SACE English Communications Study Plan – Read Now!
This article was written by Leon Kasperski, a current SACE English Communications tutor. Leon currently is accepting students, so if you're interested in his services, please go here.
A study plan for English of any kind is very subjective as a student’s writing style and thought process’ are as unique as the fingerprint that adorns their hand however, there are some common approaches to English which both my friends and I applied to improve our grades significantly.
Firstly, think just outside the box:
There is a very ‘cookie cutter’ approach to writing essays, comparative studies, communications studies, etc. however fine tuning your method to bring a fresh and new perspective to an otherwise commonplace piece of assessment is a sure-fire way of standing out and usually, achieving a higher grade. That being said, I certainly don’t encourage that you stray from the assessment criteria and requirements rather, provide a new and innovative perspective. This is why I emphasise the ‘just’ outside the box.
Here are two examples of how I thought beyond the confines of our criteria in year 12 English Communications:
Our communication study required a written and oral component, with students commonly opting for a familiar written essay and class presentation to outline the literary techniques used in said essay. I took a different approach, filming a ‘Ted Talks” style persuasive presentation and wrote a commentary on the literary techniques I used and how I applied them. This not only made me stand out from the rest of the class and to moderators, but enabled more control of the content I was creating as I did not have to present in front of my classmates, nor did I encounter the word limit confines that my fellow essay writers experienced.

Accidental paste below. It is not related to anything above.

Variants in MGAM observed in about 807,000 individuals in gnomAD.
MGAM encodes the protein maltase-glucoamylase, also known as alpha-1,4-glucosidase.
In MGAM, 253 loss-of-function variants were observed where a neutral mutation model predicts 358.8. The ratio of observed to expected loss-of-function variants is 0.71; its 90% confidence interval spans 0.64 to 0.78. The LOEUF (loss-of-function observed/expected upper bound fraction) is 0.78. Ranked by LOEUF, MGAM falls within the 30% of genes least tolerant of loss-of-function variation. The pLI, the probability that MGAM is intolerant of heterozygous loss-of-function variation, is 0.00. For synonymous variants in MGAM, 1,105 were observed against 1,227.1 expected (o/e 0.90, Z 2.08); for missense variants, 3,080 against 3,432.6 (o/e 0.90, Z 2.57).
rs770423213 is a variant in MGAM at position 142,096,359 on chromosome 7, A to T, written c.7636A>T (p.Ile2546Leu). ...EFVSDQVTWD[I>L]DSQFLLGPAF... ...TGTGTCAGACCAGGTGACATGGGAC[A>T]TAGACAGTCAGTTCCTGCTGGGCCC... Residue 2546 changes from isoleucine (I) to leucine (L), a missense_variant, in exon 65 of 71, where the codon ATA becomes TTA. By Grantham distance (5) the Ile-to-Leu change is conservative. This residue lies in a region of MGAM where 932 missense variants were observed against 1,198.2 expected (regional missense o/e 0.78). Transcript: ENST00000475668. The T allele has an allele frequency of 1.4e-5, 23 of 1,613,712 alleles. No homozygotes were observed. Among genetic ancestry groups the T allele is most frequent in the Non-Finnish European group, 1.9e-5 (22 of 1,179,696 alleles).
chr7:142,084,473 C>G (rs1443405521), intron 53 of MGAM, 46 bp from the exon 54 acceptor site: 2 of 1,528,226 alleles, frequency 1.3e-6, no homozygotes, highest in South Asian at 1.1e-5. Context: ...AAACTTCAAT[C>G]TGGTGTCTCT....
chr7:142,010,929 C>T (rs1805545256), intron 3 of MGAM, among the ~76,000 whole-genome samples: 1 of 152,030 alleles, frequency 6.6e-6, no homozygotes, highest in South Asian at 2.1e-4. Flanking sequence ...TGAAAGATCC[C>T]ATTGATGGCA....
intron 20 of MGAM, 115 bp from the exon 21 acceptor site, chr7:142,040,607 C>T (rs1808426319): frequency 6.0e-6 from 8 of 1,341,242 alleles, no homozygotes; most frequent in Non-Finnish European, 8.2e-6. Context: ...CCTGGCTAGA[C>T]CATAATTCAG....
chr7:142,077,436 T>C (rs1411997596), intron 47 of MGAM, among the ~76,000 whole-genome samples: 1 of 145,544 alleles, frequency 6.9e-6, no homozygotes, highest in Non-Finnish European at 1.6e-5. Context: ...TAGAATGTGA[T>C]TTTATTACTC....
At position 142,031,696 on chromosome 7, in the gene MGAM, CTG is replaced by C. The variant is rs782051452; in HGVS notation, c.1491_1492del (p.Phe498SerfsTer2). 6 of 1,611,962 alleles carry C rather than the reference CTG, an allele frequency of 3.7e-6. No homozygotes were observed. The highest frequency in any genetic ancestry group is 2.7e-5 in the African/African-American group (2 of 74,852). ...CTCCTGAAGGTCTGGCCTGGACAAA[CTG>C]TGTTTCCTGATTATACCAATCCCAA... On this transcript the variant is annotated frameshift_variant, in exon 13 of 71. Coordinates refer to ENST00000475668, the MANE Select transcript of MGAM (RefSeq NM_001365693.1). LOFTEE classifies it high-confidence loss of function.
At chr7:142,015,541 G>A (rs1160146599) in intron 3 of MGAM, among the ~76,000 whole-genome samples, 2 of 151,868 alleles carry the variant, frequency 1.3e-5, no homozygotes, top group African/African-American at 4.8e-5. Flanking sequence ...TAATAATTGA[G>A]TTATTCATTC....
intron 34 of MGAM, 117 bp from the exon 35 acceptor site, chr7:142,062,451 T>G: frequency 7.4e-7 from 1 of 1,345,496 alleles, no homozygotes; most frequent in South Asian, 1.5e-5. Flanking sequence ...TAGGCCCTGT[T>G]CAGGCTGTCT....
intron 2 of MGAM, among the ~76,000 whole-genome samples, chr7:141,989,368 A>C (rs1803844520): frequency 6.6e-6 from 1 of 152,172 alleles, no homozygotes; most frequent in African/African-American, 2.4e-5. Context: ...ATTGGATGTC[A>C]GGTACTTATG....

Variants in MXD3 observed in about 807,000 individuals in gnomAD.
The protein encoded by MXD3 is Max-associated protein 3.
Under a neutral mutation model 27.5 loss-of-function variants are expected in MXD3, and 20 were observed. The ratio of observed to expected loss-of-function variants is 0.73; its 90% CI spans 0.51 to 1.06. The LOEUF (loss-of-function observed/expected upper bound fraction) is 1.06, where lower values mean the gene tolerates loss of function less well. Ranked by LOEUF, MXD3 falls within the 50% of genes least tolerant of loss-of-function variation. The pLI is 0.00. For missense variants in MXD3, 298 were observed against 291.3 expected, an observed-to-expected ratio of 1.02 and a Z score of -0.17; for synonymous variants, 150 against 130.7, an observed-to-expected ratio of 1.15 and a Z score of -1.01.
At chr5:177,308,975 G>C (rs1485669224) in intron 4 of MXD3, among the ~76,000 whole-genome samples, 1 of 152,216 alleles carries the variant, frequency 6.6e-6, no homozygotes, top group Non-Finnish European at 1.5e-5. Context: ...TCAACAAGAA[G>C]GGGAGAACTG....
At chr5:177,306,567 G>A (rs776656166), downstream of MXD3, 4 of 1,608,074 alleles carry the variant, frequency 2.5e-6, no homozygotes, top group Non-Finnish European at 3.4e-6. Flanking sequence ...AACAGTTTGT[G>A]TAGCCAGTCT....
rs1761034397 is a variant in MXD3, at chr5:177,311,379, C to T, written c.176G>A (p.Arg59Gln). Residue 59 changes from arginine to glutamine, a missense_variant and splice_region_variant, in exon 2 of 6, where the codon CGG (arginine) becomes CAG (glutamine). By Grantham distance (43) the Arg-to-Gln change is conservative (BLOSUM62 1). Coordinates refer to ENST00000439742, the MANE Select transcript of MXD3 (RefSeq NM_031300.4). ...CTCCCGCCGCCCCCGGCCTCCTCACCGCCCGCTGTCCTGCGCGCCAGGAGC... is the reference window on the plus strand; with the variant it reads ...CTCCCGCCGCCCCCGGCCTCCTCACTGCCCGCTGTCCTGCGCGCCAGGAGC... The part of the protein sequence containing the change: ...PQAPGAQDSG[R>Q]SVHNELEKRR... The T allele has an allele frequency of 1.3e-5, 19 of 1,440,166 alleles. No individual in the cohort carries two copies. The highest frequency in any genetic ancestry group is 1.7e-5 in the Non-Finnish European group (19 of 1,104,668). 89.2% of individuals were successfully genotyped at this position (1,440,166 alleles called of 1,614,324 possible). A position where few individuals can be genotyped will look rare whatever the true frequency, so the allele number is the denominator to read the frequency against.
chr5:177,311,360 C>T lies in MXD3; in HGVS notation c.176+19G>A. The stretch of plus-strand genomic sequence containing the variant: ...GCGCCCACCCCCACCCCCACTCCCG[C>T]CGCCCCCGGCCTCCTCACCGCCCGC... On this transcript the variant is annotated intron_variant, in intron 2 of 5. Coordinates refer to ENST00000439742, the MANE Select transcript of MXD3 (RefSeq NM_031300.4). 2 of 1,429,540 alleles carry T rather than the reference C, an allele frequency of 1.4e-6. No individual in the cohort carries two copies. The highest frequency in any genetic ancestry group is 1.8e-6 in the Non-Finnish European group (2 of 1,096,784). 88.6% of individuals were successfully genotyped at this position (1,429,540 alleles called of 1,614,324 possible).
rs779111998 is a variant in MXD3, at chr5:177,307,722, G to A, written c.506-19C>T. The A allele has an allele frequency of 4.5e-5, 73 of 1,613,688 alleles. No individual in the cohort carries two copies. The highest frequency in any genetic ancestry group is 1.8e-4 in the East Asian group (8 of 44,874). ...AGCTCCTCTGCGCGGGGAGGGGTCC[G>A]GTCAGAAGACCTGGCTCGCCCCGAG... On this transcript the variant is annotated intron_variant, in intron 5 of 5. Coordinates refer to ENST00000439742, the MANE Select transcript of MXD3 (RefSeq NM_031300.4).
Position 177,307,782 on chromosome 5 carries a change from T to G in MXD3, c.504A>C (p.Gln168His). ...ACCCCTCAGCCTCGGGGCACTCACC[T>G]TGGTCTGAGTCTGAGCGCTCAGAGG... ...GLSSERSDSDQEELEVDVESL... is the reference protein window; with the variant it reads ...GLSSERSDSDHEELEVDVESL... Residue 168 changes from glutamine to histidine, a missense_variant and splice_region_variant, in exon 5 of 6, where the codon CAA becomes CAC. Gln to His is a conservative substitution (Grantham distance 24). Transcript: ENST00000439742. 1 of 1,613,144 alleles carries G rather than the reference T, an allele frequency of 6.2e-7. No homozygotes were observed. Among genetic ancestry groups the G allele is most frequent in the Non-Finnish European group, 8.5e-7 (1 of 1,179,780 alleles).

An additional example of my ‘just outside the box’ English method was when I completed a comparative essay on two current affairs programs. Whilst a majority of the class compared similar shows from different channels, I compared completely different current affairs programs which used impartial views sourced by their government ownership as opposed to shows which framed their media coverage based on their shareholder’s agenda. In doing so, not only was the comparative essay more interesting to read, but provided more content for me to write about.
In both instances, the necessary criteria were met however, a point of difference was achieved. I urge you to find your point of difference in your English subject.